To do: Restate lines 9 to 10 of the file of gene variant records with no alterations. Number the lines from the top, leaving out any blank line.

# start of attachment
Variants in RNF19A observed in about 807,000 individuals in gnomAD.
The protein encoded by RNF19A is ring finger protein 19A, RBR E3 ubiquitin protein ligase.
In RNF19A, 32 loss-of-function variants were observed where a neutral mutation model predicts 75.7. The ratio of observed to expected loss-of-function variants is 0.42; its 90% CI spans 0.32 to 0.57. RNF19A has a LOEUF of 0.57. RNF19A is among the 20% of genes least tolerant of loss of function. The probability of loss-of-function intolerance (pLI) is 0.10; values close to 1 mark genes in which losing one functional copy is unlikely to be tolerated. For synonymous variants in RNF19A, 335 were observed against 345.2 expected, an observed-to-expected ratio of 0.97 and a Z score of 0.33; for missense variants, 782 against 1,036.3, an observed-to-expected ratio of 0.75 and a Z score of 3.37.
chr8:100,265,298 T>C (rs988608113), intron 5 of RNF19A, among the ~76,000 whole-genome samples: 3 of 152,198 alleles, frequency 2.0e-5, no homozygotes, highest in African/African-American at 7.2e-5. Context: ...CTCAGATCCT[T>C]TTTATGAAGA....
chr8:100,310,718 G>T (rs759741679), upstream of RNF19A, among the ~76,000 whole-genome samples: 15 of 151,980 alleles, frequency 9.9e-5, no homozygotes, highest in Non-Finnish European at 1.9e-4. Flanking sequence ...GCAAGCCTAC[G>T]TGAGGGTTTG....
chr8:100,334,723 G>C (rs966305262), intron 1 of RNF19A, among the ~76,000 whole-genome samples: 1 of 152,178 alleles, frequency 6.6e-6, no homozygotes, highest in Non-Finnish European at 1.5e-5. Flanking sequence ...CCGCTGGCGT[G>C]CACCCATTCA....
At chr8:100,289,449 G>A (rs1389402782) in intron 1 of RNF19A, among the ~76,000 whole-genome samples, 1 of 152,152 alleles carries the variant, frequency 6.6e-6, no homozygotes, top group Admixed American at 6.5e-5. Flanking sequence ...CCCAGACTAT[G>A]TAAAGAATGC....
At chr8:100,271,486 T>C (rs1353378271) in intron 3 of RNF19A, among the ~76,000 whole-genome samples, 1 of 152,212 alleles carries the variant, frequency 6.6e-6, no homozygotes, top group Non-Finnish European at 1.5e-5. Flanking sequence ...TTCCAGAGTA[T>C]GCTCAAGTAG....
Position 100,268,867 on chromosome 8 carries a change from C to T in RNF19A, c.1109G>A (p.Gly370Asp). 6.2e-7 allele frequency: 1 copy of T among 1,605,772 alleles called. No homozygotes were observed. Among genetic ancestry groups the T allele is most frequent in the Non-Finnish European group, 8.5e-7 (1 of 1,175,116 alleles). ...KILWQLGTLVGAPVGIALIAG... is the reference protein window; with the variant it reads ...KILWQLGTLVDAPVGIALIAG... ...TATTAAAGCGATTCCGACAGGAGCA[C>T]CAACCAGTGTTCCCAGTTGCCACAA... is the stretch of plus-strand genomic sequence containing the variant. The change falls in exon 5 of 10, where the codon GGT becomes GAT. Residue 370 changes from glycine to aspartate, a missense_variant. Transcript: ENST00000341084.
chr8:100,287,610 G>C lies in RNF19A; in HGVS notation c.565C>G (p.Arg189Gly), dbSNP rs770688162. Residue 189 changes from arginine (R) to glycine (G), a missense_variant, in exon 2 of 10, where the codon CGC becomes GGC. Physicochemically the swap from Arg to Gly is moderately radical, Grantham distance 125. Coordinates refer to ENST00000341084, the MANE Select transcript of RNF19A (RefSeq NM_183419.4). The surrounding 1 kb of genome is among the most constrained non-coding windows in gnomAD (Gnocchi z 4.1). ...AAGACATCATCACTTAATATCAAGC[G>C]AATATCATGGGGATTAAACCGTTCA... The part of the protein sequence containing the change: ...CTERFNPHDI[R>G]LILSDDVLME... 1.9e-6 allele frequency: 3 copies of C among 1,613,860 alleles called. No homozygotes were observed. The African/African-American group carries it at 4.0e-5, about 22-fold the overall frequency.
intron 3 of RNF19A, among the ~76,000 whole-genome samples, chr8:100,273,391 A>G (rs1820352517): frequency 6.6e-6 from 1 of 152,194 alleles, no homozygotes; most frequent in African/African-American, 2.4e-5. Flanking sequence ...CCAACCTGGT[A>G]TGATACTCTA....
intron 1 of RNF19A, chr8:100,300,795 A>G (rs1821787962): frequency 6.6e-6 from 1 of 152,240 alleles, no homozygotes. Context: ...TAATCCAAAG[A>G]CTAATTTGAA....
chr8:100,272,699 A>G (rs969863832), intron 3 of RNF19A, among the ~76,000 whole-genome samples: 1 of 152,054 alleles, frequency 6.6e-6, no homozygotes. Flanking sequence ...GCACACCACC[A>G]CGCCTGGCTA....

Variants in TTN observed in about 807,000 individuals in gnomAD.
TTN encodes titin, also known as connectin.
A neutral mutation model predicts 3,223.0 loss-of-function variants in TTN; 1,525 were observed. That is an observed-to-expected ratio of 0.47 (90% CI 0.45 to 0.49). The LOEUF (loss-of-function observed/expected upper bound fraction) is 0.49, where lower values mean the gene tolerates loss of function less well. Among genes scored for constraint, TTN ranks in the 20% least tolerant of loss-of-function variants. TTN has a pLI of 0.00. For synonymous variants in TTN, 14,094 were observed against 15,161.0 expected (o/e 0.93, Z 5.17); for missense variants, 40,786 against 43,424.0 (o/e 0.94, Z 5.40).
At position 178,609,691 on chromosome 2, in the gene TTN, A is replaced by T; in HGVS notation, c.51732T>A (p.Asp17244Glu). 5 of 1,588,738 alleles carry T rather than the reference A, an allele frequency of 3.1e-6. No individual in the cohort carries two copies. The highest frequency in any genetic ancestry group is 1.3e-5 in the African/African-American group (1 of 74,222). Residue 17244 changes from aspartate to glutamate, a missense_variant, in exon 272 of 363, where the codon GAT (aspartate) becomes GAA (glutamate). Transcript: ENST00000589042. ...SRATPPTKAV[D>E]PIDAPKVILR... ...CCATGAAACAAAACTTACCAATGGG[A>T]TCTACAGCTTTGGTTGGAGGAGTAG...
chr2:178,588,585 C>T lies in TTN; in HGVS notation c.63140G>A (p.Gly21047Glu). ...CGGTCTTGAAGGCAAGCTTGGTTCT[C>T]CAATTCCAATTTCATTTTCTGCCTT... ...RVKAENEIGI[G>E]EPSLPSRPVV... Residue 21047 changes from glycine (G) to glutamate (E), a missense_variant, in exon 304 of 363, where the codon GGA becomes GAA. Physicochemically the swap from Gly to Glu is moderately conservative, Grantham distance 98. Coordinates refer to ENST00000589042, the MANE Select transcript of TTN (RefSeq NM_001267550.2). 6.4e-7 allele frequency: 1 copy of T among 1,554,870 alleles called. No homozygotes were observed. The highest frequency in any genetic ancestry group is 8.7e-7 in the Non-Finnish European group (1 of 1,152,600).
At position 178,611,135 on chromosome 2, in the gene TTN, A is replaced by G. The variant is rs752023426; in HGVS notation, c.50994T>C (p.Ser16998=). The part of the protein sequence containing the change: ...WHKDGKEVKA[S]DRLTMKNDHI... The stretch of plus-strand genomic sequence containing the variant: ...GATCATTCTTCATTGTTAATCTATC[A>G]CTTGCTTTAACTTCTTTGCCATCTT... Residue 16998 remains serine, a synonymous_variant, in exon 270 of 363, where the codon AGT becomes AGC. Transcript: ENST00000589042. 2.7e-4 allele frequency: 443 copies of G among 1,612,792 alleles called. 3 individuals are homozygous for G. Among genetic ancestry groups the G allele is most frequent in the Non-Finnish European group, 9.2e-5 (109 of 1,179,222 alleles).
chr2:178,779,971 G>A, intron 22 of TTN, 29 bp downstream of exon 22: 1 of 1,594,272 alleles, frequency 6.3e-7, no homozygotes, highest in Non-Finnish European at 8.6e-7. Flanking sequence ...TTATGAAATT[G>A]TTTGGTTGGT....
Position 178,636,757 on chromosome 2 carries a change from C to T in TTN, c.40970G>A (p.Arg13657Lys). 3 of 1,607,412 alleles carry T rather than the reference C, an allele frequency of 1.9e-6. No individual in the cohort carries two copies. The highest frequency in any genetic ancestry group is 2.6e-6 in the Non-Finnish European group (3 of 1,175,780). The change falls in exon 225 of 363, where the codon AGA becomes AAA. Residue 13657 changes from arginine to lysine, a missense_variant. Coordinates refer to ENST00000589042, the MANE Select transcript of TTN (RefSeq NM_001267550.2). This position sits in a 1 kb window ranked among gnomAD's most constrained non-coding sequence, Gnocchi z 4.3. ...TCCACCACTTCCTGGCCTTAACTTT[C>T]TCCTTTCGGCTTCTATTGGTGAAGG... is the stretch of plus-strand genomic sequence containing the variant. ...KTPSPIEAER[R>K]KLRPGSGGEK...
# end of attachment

Position 100,268,867 on chromosome 8 carries a change from C to T in RNF19A, c.1109G>A (p.Gly370Asp). 6.2e-7 allele frequency: 1 copy of T among 1,605,772 alleles called. No homozygotes were observed. Among genetic ancestry groups the T allele is most frequent in the Non-Finnish European group, 8.5e-7 (1 of 1,175,116 alleles). ...KILWQLGTLVGAPVGIALIAG... is the reference protein window; with the variant it reads ...KILWQLGTLVDAPVGIALIAG... ...TATTAAAGCGATTCCGACAGGAGCA[C>T]CAACCAGTGTTCCCAGTTGCCACAA... is the stretch of plus-strand genomic sequence containing the variant. The change falls in exon 5 of 10, where the codon GGT becomes GAT. Residue 370 changes from glycine to aspartate, a missense_variant. Transcript: ENST00000341084.
chr8:100,287,610 G>C lies in RNF19A; in HGVS notation c.565C>G (p.Arg189Gly), dbSNP rs770688162. Residue 189 changes from arginine (R) to glycine (G), a missense_variant, in exon 2 of 10, where the codon CGC becomes GGC. Physicochemically the swap from Arg to Gly is moderately radical, Grantham distance 125. Coordinates refer to ENST00000341084, the MANE Select transcript of RNF19A (RefSeq NM_183419.4). The surrounding 1 kb of genome is among the most constrained non-coding windows in gnomAD (Gnocchi z 4.1). ...AAGACATCATCACTTAATATCAAGC[G>C]AATATCATGGGGATTAAACCGTTCA... The part of the protein sequence containing the change: ...CTERFNPHDI[R>G]LILSDDVLME... 1.9e-6 allele frequency: 3 copies of C among 1,613,860 alleles called. No homozygotes were observed. The African/African-American group carries it at 4.0e-5, about 22-fold the overall frequency.